Planting memories

CHRISTO SAGGERS
Last updated 05:00 27/10/2012

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I consider myself fortunate to have a career that is more like a pastime.

I just love what I do - designing and installing fabulous gardens - but the best thing is seeing the joy that a great garden can bring to its owners.

It is a joy that can be enjoyed selfishly with peaceful walks in solitude or it can be shared with friends and family.

When shared, a great garden helps to impart lasting memories of a time and is a place that always seems to bring a smile to one's face.

I hope all my avid readers can instantly recall fond memories of summers gone by that they spent willowing away in some picturesque garden.

Our minds grow less sharp and our memories seem to blur as we age but there are certain details that remain charred into our cognitive hard drives.

My memories of happy summer holidays as a child revolve around a number of key elements in the gardens that I roamed and played in.

Not that I knew it at the time but the foundations of a life-long interest in plants and design were being forged amongst the rolling mounds of lawn and the dappling light and peeling bark of the silver birch trees.

To this day I am still bewildered by what can be achieved with the gentle manipulation of nature.

Every garden and landscape I design is different; unique to the requirements of its owners and the environment that supports the garden.

The basic principles of good design, common sense and science all play an equal part in achieving greatness.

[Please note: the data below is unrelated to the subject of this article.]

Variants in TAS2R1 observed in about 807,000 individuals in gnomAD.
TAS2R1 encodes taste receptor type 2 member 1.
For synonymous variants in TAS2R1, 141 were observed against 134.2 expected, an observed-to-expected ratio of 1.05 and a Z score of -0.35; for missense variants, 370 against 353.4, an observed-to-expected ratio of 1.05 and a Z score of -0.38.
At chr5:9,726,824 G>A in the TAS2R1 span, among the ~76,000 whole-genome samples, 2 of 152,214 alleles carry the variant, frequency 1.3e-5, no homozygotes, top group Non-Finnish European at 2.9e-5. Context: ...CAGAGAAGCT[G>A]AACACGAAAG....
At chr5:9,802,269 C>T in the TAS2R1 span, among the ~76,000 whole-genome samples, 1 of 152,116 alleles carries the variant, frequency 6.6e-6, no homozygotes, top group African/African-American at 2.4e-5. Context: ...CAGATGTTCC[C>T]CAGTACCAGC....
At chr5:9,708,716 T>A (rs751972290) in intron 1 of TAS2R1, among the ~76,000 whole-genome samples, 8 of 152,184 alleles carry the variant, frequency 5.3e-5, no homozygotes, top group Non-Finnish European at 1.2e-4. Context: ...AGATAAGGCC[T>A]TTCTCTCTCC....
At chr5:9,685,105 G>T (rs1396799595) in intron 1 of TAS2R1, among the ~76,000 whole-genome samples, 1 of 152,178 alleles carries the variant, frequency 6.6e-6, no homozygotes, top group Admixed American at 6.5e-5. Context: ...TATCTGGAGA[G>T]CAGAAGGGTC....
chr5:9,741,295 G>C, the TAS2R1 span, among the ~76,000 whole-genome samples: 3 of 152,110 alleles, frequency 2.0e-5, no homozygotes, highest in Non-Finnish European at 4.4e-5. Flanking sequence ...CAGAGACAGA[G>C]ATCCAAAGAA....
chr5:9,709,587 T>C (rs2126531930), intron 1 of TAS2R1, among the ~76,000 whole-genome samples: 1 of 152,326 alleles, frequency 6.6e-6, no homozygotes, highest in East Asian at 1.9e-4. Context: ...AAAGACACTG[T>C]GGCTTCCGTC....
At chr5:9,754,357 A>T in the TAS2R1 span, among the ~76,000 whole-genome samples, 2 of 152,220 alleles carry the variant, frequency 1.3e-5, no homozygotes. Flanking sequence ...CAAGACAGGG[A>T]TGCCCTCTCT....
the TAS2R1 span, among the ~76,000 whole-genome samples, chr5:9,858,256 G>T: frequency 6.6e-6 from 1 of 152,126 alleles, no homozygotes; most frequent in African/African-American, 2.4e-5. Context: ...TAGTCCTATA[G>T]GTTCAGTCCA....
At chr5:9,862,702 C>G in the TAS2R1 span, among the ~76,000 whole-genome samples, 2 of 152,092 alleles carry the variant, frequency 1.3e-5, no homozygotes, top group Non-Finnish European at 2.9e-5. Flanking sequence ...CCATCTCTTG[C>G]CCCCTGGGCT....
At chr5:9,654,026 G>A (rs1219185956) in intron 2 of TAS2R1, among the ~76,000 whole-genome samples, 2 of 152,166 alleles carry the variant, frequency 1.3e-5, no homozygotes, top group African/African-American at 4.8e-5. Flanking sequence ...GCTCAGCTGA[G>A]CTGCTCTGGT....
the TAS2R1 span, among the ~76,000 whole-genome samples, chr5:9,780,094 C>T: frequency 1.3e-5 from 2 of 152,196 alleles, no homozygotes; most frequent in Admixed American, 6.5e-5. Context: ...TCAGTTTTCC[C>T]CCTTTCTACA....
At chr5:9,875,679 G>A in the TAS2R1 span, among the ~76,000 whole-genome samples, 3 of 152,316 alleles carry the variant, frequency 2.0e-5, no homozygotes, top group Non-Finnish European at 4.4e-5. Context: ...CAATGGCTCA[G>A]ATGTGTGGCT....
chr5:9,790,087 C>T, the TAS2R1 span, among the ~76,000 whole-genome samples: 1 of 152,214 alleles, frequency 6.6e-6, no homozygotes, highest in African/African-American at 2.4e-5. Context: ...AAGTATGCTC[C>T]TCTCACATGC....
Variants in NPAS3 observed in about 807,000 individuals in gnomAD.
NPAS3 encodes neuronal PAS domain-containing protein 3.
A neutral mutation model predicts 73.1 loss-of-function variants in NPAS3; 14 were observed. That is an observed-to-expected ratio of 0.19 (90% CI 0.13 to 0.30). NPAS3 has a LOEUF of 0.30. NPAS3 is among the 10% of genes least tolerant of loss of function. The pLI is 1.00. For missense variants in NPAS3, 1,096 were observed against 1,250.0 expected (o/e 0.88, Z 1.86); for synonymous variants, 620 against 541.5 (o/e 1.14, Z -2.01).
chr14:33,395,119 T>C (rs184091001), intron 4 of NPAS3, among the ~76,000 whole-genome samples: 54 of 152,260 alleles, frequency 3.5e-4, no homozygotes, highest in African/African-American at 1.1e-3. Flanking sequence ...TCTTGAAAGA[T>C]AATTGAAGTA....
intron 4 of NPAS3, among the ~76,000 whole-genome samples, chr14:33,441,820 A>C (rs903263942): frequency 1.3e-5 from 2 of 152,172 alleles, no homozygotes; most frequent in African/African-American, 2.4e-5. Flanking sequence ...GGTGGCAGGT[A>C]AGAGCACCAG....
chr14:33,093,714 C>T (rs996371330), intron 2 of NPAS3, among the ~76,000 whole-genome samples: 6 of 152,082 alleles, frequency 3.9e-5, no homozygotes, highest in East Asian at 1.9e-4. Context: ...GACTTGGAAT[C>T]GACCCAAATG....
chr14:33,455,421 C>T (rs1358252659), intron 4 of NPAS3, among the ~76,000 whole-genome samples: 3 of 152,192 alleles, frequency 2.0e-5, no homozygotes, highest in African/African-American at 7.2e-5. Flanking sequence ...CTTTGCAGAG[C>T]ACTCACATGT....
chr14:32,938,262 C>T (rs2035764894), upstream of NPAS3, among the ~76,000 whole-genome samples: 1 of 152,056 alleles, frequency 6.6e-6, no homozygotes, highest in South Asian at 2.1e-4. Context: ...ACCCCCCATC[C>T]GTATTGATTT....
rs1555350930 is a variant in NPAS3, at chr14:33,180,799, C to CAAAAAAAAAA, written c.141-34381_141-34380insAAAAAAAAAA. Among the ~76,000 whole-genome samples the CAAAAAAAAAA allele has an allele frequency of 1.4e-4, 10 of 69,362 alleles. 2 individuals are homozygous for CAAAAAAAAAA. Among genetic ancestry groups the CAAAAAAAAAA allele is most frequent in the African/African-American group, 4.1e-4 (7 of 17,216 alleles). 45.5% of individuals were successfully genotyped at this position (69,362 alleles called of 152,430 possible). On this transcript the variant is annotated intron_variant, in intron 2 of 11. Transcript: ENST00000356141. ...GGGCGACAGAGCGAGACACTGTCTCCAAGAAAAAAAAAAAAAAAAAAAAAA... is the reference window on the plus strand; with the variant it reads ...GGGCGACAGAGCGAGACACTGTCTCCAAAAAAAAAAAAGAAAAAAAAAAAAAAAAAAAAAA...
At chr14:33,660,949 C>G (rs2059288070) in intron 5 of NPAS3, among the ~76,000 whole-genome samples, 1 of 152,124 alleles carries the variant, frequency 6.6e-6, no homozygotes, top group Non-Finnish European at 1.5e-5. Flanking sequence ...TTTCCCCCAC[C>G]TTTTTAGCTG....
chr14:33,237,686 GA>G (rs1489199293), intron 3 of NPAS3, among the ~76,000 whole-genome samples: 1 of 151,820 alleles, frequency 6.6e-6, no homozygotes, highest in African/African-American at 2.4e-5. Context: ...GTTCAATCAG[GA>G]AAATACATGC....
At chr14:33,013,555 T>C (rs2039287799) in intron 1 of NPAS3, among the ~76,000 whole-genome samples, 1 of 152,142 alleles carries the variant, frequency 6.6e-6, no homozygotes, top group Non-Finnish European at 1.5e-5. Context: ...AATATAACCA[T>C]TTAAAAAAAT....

Good design only goes so far.

The science behind what will thrive and where is just as important.

And above all else common sense must play a role right from the outset.

First impressions are often quite correct.

With an eye for good design, sound knowledge of the plants and environmental factors and the practicality of common sense you should be able to create a plan that works. I suggest using your fond memories to help you develop ideas.

I think that most of us would like to recreate the fond memories of our past for one reason or another.

Recreating the environment in which the memories developed is a great way to start and the results will be spectacular, as they will be very personal to you.

Find other areas where you can do this so you can create a living collage of past good times.

I remember scent almost as much as visual stimuli.

Freshly mown grass always reminds me of hot summer days, and the scent of english lavender reminds me of my grandmother's hedges.

Research has shown that scents are a very important aid to memory recall. It is a dimension that is hard to appreciate in today's world, which used be to be tomorrow's world. Ipads and iPhones and those other essential pieces of kit don't have apps that can tell you about smells - good or bad!

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Gardens are not just flat one dimensional objects like a screen or a plan.

They are living, breathing multi dimensional environments that are only limited by you imagination and sadly your budget.

Remember great gardens don't have to be unaffordable, they just have to be clever.

So use memories to recreate the good times of yesteryear in your garden.

Sometimes you need to look back in order to advance!

- The Marlborough Express

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